When distributing an estate personal representatives have a large number of powers to assist them. One of these useful administrative powers is the power of appropriation. This article will discuss what this power is, how it can be exercised and why a personal representative might choose to do so.
What is the power of Appropriation?
Personal representatives, being executors and also administrators under intestacy, have the power of appropriation under S41 of the Administration of Estates Act 1925. An express power can be included in the will if required.
Under the power of appropriation the personal representatives can ‘appropriate’ any part of the estate in satisfaction of legacy or share of the Residiuary Estate. For example instead of providing a beneficiary with a cash gift of £50,000, the personal representatives may instead give the beneficiary assets with a total value of £50,000.
Following an appropriation, the beneficiary’s interest is in the appropriated assets, if these increase or decrease in value, the beneficiary gets that benefit or bears that loss.
In order for the personal representatives to appropriate assets, there are some conditions that must be satisfied.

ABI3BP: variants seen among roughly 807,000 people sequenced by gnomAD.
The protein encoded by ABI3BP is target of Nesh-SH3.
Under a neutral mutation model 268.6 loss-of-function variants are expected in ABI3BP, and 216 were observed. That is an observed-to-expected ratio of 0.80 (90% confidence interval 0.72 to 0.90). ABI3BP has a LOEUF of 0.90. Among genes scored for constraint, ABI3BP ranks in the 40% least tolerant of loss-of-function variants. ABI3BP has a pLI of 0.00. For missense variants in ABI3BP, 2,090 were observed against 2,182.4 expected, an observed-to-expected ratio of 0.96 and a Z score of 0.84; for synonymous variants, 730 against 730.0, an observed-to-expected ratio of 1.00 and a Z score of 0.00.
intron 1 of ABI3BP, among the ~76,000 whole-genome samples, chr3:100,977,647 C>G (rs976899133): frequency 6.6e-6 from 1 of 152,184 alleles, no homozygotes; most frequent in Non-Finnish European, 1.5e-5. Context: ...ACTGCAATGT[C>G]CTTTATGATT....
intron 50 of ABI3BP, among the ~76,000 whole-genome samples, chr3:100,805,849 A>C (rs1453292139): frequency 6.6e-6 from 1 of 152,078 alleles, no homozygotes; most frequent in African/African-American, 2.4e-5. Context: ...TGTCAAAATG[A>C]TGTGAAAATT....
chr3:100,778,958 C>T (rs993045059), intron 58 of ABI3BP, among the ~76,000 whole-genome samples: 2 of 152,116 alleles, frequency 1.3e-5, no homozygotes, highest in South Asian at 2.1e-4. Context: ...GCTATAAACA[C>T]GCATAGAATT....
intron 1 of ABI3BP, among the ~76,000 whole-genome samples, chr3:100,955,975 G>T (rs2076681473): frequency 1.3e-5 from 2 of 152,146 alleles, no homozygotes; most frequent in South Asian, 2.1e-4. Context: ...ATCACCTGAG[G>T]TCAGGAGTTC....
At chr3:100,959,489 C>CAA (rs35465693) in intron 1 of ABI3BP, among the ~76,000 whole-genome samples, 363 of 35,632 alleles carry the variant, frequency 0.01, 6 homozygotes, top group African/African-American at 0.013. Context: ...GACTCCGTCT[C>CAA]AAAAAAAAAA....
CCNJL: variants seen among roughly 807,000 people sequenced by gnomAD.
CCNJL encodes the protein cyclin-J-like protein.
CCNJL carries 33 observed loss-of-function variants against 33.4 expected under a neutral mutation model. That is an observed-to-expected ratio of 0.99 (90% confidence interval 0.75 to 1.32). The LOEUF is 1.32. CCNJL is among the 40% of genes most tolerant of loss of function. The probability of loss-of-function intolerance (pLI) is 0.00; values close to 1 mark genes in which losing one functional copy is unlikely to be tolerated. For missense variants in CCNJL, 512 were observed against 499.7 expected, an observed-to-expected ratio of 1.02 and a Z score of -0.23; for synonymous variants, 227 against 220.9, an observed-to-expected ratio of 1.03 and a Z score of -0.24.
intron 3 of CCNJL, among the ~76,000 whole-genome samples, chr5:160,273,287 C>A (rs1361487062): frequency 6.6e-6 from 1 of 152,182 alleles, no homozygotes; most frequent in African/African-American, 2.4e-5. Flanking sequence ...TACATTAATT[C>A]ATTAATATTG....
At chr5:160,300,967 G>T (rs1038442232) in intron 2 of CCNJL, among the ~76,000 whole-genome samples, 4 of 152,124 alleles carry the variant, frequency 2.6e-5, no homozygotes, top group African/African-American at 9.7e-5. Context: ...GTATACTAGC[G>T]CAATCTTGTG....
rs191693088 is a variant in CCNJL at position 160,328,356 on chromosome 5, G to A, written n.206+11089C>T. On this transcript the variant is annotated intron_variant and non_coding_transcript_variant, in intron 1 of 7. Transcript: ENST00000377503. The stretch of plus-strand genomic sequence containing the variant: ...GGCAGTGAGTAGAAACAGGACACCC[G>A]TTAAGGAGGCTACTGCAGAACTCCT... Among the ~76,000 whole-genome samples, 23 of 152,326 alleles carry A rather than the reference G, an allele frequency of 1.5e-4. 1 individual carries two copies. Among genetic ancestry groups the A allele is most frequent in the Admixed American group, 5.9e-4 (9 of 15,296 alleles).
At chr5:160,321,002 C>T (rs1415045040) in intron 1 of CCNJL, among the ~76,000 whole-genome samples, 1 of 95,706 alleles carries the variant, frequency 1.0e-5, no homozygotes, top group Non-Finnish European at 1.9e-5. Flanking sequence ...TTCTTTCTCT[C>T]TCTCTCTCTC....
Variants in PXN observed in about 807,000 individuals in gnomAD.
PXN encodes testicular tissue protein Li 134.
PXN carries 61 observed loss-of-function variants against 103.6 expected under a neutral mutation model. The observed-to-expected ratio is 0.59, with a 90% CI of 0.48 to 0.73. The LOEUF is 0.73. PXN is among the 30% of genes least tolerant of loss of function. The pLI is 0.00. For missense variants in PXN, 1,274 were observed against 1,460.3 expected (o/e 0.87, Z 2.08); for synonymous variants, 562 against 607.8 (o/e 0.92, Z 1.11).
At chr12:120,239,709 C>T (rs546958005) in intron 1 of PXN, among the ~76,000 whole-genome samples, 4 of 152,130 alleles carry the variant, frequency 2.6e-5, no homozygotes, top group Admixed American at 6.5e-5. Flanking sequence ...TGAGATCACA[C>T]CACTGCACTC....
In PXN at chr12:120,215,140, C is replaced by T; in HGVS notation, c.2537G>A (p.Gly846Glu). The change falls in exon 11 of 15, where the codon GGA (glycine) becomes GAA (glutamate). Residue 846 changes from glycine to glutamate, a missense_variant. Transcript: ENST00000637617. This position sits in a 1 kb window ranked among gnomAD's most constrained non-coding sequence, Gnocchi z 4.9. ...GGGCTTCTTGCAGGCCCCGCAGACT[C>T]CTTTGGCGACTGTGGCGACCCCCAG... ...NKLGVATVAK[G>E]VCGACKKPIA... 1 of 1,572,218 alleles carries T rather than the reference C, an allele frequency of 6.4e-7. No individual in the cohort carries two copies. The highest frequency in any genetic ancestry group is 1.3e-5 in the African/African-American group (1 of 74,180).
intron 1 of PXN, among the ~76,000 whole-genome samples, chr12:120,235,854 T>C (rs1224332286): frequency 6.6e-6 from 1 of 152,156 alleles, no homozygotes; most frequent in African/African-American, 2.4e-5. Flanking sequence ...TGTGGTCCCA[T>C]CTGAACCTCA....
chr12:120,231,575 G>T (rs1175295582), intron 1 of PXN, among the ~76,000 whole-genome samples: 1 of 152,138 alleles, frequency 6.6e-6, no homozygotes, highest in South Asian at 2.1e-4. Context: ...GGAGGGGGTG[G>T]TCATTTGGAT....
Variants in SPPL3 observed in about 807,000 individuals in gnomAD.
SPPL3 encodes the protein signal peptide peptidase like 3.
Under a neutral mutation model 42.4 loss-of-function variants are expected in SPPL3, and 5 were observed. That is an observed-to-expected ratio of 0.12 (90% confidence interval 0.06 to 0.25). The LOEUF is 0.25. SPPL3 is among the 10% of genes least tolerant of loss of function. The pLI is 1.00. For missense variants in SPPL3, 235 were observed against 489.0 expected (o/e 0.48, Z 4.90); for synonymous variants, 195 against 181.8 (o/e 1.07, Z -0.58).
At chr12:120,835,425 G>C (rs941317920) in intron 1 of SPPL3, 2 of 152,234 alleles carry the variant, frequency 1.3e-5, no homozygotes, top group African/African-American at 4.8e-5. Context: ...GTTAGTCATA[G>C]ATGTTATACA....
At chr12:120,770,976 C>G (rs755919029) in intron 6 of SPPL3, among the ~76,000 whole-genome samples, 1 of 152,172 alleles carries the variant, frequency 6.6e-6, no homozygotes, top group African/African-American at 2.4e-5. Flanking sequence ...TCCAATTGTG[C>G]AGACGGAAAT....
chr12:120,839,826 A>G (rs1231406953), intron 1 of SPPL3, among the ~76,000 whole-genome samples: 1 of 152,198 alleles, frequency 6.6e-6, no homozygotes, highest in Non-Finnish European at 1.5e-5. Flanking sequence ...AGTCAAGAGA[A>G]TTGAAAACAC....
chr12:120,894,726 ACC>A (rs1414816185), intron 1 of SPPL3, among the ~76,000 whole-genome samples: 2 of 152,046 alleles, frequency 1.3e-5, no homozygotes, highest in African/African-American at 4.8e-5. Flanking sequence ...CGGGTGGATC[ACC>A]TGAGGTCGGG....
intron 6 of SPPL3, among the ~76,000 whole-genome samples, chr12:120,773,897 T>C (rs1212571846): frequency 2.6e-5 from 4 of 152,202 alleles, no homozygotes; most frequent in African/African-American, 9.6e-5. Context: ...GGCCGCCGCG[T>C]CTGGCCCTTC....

Appropriation under S41 requires consent before the appropriation can occur. The person whose consent is required depends on the gift:
- If the appropriation is for the benefit of a person absolutely and they are beneficially entitled in possession their consent is required.
- If the appropriation is towards an interest passing to trust, including a contingent interest, the consent of either the trustee (not being the personal representative) or the person entitled to the income of the trust is required.
- If the beneficiary is a minor, consent may be given on their behalf by the minor’s parent, guardian or by the court.
There are some exceptions to this rule where the appropriation is an investment authorised by law.
The will may amend this so that consent is not required. The STEP Standard Provisions (Second Edition) at provision 4.15 does include a power of appropriation where consent is not required.
Finally, the appropriation must not prejudicially affect any specific gift.
Value of the Appropriation
Under the S41 power, an appropriation is made at the value of assets at the date of the appropriation, rather than at the deceased’s death. The STEP Special Provisions (second edition) at provision 22 gives the personal representatives the discretion to use the value at the date of death for the appropriation and the personal representatives must take reasonable care in exercising this discretion.
Reasons for an Appropriation
If an asset in the estate has increased in value since death, capital gains tax may be payable on it if the personal representatives sell it. It is therefore quite commonplace for the personal representatives to firstly appropriate an asset, such as a property or portfolio of shares, to the beneficiaries before it is sold so that the beneficiaries’ personal tax allowances can be applied at the sale.